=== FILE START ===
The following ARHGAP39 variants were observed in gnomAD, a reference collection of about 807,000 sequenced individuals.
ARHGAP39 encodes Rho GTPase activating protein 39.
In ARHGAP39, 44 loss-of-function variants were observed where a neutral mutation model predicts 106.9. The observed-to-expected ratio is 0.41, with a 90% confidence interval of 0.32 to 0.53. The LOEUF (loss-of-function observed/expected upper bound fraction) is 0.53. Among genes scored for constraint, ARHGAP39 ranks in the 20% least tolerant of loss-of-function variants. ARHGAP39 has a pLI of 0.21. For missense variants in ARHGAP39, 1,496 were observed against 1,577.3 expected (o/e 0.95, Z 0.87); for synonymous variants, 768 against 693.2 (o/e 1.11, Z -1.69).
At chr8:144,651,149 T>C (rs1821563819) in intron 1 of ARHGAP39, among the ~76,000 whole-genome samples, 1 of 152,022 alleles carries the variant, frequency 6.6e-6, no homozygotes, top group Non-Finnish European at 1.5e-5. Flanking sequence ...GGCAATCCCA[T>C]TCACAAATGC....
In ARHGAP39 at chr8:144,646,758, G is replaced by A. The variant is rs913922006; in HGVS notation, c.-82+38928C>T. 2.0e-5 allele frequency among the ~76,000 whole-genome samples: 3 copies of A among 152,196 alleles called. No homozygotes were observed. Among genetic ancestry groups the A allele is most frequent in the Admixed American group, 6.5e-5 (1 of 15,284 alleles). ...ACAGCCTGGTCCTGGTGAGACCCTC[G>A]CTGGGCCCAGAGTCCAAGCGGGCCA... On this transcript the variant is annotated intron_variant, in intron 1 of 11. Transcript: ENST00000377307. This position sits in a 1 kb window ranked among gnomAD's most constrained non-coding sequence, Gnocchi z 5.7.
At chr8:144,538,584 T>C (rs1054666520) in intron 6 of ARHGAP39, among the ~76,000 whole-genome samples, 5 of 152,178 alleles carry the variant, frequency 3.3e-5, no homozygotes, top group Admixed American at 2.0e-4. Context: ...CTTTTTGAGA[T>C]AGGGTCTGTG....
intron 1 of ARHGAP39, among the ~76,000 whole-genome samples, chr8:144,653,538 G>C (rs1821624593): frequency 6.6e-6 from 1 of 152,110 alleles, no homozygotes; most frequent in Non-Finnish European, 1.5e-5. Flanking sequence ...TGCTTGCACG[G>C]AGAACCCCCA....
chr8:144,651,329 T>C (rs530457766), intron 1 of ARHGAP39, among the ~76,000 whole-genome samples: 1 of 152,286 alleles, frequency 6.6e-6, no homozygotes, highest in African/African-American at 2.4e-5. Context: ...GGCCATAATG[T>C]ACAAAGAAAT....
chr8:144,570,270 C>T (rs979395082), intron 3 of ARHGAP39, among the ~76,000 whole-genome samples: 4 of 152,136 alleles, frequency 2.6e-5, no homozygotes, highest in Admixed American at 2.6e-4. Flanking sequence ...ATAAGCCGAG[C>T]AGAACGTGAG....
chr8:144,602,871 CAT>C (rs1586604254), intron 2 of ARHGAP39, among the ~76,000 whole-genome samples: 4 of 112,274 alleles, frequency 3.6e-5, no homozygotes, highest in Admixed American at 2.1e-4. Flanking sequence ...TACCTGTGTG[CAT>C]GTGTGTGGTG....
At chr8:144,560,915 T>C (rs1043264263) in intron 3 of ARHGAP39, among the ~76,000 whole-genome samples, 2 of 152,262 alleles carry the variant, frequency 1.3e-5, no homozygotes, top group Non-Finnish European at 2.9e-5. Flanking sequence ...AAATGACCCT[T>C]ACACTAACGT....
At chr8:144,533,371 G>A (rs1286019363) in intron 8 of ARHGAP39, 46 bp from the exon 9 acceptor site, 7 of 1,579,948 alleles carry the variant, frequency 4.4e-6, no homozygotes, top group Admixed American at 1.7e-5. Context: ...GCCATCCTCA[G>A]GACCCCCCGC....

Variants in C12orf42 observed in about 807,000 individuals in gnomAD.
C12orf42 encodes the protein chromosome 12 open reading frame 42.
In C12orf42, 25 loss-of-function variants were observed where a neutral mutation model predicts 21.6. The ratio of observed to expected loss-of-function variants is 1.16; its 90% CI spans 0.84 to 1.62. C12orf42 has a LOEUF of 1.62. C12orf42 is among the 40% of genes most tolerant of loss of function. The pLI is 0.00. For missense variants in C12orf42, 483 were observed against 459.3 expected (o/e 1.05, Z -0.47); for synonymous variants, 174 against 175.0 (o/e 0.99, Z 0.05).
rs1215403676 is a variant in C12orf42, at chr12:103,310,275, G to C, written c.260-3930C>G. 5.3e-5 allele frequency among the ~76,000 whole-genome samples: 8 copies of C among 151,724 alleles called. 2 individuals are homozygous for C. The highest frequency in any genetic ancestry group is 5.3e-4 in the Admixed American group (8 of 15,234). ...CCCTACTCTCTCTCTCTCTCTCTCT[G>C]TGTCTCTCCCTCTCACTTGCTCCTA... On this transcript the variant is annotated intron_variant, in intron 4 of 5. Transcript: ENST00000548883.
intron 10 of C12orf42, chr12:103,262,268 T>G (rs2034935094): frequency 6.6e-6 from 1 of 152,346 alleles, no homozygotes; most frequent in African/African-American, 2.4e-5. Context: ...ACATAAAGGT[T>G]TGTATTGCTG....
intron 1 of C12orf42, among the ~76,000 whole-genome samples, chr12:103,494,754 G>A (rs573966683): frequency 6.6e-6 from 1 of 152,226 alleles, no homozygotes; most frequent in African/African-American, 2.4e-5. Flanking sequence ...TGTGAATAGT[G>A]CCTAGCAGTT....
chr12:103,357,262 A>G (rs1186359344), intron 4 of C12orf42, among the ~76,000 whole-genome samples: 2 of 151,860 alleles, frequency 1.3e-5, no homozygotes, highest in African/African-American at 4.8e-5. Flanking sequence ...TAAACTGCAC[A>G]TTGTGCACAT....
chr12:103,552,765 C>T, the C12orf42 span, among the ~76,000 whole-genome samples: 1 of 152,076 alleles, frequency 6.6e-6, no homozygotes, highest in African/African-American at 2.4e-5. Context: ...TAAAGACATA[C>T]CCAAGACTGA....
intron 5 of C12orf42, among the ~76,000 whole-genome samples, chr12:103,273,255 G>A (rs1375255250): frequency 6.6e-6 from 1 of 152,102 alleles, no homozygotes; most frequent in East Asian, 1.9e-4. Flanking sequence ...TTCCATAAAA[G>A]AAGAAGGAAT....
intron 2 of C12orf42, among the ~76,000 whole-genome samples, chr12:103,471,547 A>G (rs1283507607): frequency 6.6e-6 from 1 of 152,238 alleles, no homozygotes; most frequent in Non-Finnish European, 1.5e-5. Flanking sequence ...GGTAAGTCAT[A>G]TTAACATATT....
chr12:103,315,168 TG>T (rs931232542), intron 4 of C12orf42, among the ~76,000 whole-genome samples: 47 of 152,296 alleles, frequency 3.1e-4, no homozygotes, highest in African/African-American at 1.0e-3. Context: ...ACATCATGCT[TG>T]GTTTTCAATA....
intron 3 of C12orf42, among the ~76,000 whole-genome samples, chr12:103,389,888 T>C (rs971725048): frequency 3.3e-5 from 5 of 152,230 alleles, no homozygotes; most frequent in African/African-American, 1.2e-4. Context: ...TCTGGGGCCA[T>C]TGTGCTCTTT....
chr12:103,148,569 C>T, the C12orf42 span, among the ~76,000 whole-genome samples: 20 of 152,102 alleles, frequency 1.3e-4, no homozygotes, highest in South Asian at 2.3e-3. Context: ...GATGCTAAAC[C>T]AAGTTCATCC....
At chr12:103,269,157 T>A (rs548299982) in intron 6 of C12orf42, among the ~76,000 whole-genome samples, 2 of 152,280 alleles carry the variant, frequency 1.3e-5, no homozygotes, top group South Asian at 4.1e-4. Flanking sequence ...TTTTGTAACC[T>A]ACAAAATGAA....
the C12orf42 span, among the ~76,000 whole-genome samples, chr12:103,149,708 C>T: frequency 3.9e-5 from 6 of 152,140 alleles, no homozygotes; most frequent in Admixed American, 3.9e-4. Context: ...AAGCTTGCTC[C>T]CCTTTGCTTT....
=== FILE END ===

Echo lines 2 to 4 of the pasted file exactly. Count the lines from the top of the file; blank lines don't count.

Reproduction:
ARHGAP39 encodes Rho GTPase activating protein 39.
In ARHGAP39, 44 loss-of-function variants were observed where a neutral mutation model predicts 106.9. The observed-to-expected ratio is 0.41, with a 90% confidence interval of 0.32 to 0.53. The LOEUF (loss-of-function observed/expected upper bound fraction) is 0.53. Among genes scored for constraint, ARHGAP39 ranks in the 20% least tolerant of loss-of-function variants. ARHGAP39 has a pLI of 0.21. For missense variants in ARHGAP39, 1,496 were observed against 1,577.3 expected (o/e 0.95, Z 0.87); for synonymous variants, 768 against 693.2 (o/e 1.11, Z -1.69).
At chr8:144,651,149 T>C (rs1821563819) in intron 1 of ARHGAP39, among the ~76,000 whole-genome samples, 1 of 152,022 alleles carries the variant, frequency 6.6e-6, no homozygotes, top group Non-Finnish European at 1.5e-5. Flanking sequence ...GGCAATCCCA[T>C]TCACAAATGC....